Monday, December 23, 2013

Bake Fair for the Holidays

It’s the holidays, and you want to bake with chocolate! But you’re also boycotting it. What can you do? First, we have found some good information on fair trade chocolate recipes. We have found the recipes on a website called Fair Trade USA, a non-profit organization, is the leading third-party certifier of fair trade products in the USA. They also protect the environment. They make sure that workers stay safe. They give fair wages and they certify for real. Their website contains fair-trade recipes. Some of the recipes are these: Drinkable chocolate, hot fudge sauce, fair-trade streusel coffee cake and double chocolate fudge cookies. They also can help finding places to buy your fair trade chocolate. Lastly, if you support child slavery, then you sir/ma’am have no feelings. If you do buy fair-trade chocolate, then you have feelings. Overall, child slavery still exists in the world out there and we need to do something about it as citizens of the U.S.A. Let’s start with baking fair!

For more information go to

                                                                                              - K.A. & D.T

Recipe for Drinkable Chocolate (courtesy of
·         1 ounce of high quality dark or semisweet chocolate, chopped
·         1 cup of milk of choice (I used ½ cup each of water and full fat canned coconut milk), other options: almond milk, homemade coconut milk, or whole milk
·         Toppings: Shaved chocolate and whipped cream
1.       Heat milk until almost simmering.
2.       Take off of the heat and added chopped chocolate. Let sit for three minutes
3.       Put back on the warm burner, and whisk until very smooth and the chocolate is all melted (if it’s not hot enough to your taste, go ahead and turn the burner on low and reheat until it has reached desired temperature).

4.       Top with coconut whipped cream and finely grated chocolate, if desired and enjoy

Tuesday, December 17, 2013

"The Dark Side of Chocolate" Review

Have you ever wondered where the chocolate you eat comes from? In "The Dark Side of Chocolate," a film by Miki Mistrati and U. Roberto Romano, it explains how children are forced to work long days with no pay just to pick cocoa. First of all, making the film was very difficult and dangerous. Miki and Roberto had to be careful not to get caught because child slave owners don't want anyone to find out. Also, a man named Andre Kieffer, a French journalist, was kidnapped and most probably assassinated because he was researching about child labor in the Ivory Coast. In addition, the documentary talks about people called traffickers that are payed to kidnap kids. Traffickers trick kids by telling them that they are going to get a better life if they go with them. Also, if the kids the traffickers are taking away try to escape, the traffickers will find a way to still take them. Lastly, the documentary talks about how child slavery is illegal. Slave owners know it is illegal but they still do it anyway. Also, chocolate is a multi-billion dollar industry and government and companies have a lot at stake. Slave owners got suspicious while Miki and Roberto were there so they had to flee. In the film chocolate company executives deny that there is child slavery in the Ivory Coast but in the next scene, the first farm the filmmakers go to has child slaves. I recommend "The Dark Side of Chocolate" because it makes you think how child slaves are treated and makes you think what you can do about it.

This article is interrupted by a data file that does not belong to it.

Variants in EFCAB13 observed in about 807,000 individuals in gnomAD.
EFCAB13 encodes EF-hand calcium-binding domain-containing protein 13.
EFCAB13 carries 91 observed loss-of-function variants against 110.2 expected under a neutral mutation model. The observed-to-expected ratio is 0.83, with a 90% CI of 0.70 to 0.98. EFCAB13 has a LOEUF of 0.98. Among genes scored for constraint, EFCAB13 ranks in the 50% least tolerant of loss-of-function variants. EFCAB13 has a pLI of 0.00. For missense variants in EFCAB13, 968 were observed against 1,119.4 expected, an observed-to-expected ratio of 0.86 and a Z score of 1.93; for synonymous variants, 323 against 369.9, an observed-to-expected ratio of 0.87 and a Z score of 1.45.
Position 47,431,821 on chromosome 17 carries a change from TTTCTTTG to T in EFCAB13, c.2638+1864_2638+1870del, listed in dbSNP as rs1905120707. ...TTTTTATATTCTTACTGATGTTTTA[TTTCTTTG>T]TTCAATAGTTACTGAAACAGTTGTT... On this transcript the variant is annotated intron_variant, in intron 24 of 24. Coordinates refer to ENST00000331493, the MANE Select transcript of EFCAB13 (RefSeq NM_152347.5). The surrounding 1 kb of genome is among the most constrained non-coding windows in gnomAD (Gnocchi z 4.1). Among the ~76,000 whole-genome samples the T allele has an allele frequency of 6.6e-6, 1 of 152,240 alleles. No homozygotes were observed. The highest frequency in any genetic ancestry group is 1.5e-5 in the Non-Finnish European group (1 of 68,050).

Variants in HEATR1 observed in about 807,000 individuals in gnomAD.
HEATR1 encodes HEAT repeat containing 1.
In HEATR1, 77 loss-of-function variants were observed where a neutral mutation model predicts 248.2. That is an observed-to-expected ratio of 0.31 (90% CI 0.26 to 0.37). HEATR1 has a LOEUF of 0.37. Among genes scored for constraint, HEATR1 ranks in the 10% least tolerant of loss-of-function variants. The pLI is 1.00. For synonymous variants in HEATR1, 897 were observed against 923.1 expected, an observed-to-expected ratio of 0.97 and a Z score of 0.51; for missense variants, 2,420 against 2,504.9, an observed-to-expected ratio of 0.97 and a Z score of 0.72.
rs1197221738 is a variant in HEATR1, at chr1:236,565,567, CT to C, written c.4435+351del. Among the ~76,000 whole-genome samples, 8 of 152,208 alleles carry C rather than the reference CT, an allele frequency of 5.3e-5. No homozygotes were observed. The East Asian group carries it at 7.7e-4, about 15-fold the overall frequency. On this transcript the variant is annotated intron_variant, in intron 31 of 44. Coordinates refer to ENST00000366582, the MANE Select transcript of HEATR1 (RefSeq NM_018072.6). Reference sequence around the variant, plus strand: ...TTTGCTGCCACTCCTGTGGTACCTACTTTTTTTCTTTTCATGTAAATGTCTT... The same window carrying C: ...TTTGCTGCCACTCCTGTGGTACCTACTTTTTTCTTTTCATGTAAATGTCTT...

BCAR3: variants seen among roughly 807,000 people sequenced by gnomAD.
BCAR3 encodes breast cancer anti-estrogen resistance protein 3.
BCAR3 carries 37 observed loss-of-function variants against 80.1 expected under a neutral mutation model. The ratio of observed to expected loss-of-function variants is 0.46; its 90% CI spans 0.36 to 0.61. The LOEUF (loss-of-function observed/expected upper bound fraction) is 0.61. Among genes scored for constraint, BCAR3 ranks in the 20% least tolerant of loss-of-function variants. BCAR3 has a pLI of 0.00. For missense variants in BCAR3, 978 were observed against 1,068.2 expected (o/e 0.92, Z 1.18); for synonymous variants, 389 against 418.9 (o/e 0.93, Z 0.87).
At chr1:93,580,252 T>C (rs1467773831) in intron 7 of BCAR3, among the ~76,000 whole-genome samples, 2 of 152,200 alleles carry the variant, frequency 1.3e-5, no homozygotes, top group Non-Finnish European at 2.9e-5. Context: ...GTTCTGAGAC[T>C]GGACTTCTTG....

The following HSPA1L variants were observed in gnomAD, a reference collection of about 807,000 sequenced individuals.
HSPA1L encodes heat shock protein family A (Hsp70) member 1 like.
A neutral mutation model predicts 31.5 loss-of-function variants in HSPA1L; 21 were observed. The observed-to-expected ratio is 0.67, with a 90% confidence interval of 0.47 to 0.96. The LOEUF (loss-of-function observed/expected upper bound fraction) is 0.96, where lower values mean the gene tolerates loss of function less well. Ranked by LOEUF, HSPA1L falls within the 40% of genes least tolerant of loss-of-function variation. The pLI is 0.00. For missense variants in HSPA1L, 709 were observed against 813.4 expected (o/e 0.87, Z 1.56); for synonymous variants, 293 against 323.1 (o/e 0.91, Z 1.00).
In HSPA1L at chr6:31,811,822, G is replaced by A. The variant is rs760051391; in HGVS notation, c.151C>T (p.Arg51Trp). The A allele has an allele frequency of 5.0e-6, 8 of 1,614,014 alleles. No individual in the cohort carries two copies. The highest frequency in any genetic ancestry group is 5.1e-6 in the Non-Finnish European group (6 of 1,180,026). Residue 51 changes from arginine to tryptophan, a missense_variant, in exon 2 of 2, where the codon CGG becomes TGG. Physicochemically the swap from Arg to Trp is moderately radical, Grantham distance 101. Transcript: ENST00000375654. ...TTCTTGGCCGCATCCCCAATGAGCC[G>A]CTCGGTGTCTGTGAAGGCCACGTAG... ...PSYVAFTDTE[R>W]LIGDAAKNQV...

Sunday, December 8, 2013


This past week, on December 5th, 2013, our 5th grade classroom signed a declaration to boycott non-fair trade chocolate. After a long and heated discussion, all but one student signed the pact, promising to not support any chocolate company who uses cocoa produced using child slavery (that means you, Hershey's, Nestle, et al.). This was part of a larger Social Studies unit on child slavery.

5B's "Declaration of Independence from Non-Fair Trade Chocolate":

We hold these truths to be self-evident, that all children are created equal, that they are endowed with certain inalienable Rights, that among these are Life, Liberty and the pursuit of an Education. That whenever any Industry becomes destructive of these ends, it is the Right of Children to boycott and alter its policies. It is their right, it is their duty, to throw off such Industries, and to provide new Guards for their future security.--Such has been the patient sufferance of child slaves; and such is now the necessity which forces us to boycott the Cocoa Industry. The history of the present Cocoa Industry is a history of repeated injuries.

We the children of 5B, declare our independence from chocolate produced using the forced labor of children.

Our blog, "Room 5B," will document our fight against child slavery as we write to local newspapers and classrooms around the United States, raise awareness in our community, both at school and in our neighborhoods, and fund-raise for charitable organizations fighting the good fight against child slavery in the cocoa industry.

It is a blog written by children for children. We hope you will join us in our fight.

- Mr. Mahdavian